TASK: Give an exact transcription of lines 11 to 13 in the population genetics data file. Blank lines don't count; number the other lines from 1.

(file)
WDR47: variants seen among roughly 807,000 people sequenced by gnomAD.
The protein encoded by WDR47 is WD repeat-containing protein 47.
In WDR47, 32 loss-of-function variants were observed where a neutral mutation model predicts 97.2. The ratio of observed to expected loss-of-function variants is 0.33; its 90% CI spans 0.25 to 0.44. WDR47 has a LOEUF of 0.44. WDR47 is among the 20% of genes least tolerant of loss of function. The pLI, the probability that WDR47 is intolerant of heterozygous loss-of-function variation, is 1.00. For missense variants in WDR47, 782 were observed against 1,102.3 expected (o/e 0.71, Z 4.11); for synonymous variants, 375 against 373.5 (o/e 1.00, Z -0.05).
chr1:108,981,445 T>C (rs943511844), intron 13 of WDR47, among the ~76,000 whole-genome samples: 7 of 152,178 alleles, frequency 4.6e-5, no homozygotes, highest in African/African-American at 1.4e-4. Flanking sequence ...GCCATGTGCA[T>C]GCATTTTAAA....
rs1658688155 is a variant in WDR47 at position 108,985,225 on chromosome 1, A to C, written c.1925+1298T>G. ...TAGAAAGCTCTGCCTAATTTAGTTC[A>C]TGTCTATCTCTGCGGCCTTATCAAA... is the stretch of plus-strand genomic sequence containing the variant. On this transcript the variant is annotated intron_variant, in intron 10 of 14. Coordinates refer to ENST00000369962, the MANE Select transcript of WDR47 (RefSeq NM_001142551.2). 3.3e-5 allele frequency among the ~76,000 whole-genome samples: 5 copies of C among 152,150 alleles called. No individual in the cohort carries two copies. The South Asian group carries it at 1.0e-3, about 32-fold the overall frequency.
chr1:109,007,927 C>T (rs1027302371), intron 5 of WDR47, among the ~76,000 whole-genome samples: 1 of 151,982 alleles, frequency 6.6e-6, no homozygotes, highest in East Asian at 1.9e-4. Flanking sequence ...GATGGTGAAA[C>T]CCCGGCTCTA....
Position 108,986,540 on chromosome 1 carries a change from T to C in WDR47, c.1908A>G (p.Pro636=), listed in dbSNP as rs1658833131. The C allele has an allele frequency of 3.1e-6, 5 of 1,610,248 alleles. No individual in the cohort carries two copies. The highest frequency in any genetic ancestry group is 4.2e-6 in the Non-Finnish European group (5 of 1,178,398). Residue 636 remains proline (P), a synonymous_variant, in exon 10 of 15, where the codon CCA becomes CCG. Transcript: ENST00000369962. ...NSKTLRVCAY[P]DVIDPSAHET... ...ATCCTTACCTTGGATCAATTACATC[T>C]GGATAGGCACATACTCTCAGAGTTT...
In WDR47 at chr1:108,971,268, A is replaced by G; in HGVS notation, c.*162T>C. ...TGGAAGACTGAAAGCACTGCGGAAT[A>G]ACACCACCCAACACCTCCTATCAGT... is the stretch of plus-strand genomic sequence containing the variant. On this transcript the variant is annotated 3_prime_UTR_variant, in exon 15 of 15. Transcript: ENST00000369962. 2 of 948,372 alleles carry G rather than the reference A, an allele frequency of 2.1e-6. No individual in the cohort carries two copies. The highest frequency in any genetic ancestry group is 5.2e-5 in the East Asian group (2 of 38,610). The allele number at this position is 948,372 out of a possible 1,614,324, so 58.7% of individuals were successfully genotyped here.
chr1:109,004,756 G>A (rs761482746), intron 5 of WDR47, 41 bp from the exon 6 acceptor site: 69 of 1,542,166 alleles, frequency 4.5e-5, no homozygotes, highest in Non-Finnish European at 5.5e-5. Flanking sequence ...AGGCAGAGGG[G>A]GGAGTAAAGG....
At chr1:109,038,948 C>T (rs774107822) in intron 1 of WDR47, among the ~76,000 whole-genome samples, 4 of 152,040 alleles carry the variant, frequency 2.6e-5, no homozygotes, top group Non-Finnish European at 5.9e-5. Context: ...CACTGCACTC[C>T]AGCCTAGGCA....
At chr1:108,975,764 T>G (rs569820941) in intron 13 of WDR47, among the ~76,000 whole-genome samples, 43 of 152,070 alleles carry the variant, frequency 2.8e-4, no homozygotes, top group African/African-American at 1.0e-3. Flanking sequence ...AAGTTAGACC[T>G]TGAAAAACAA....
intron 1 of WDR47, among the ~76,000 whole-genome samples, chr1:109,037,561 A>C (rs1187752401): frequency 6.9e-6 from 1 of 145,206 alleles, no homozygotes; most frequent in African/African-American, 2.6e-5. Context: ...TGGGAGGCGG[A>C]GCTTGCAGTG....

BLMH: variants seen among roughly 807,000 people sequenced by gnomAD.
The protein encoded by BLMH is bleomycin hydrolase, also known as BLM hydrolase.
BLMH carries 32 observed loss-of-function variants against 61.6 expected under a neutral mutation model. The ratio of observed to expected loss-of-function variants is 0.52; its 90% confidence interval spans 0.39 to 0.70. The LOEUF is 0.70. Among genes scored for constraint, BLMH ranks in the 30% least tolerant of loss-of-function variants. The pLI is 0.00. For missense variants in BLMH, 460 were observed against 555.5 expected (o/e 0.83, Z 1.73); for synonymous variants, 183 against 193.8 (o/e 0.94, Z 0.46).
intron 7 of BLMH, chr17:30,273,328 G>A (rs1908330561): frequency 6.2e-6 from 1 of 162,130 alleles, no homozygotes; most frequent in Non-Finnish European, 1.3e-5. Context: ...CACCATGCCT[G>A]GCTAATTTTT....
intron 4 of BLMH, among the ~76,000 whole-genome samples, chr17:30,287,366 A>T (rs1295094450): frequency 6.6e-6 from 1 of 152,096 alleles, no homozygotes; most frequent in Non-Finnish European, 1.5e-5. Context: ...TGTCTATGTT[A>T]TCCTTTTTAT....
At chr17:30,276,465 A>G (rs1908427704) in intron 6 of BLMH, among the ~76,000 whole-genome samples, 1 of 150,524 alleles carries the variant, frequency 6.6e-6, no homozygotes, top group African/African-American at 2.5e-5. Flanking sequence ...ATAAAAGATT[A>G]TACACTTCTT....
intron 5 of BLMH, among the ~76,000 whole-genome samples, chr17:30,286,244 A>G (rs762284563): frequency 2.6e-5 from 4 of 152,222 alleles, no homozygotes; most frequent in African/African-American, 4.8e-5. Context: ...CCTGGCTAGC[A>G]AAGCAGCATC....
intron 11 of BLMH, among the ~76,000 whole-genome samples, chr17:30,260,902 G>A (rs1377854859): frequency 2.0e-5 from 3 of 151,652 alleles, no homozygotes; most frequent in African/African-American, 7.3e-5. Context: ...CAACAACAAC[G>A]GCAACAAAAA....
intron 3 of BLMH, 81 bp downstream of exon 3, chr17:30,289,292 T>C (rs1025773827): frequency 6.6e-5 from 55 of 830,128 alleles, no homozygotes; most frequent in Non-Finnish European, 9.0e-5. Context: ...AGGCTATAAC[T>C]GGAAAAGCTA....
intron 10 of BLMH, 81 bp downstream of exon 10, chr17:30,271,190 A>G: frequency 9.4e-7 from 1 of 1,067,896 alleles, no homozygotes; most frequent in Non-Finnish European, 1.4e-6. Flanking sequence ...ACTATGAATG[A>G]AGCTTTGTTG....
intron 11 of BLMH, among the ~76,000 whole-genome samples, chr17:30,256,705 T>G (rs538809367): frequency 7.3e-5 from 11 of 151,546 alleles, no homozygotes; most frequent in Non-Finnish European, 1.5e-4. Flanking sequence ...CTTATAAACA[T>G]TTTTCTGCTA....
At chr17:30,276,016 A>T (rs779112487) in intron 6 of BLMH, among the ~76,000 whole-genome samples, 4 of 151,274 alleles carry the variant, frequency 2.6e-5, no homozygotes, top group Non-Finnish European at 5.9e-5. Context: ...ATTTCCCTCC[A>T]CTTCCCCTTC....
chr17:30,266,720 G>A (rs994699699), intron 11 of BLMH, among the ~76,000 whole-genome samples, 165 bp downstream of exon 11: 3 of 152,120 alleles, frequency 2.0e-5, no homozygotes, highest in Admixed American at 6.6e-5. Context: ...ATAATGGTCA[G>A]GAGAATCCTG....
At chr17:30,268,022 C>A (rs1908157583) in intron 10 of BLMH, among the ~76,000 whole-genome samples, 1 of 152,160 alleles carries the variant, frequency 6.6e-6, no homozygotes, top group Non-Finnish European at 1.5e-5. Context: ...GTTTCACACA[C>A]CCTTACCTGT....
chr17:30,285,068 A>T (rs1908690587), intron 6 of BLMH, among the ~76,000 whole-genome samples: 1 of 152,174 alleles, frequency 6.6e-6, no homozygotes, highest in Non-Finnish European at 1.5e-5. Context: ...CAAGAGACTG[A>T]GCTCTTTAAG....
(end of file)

At chr1:108,975,764 T>G (rs569820941) in intron 13 of WDR47, among the ~76,000 whole-genome samples, 43 of 152,070 alleles carry the variant, frequency 2.8e-4, no homozygotes, top group African/African-American at 1.0e-3. Flanking sequence ...AAGTTAGACC[T>G]TGAAAAACAA....
intron 1 of WDR47, among the ~76,000 whole-genome samples, chr1:109,037,561 A>C (rs1187752401): frequency 6.9e-6 from 1 of 145,206 alleles, no homozygotes; most frequent in African/African-American, 2.6e-5. Context: ...TGGGAGGCGG[A>C]GCTTGCAGTG....

BLMH: variants seen among roughly 807,000 people sequenced by gnomAD.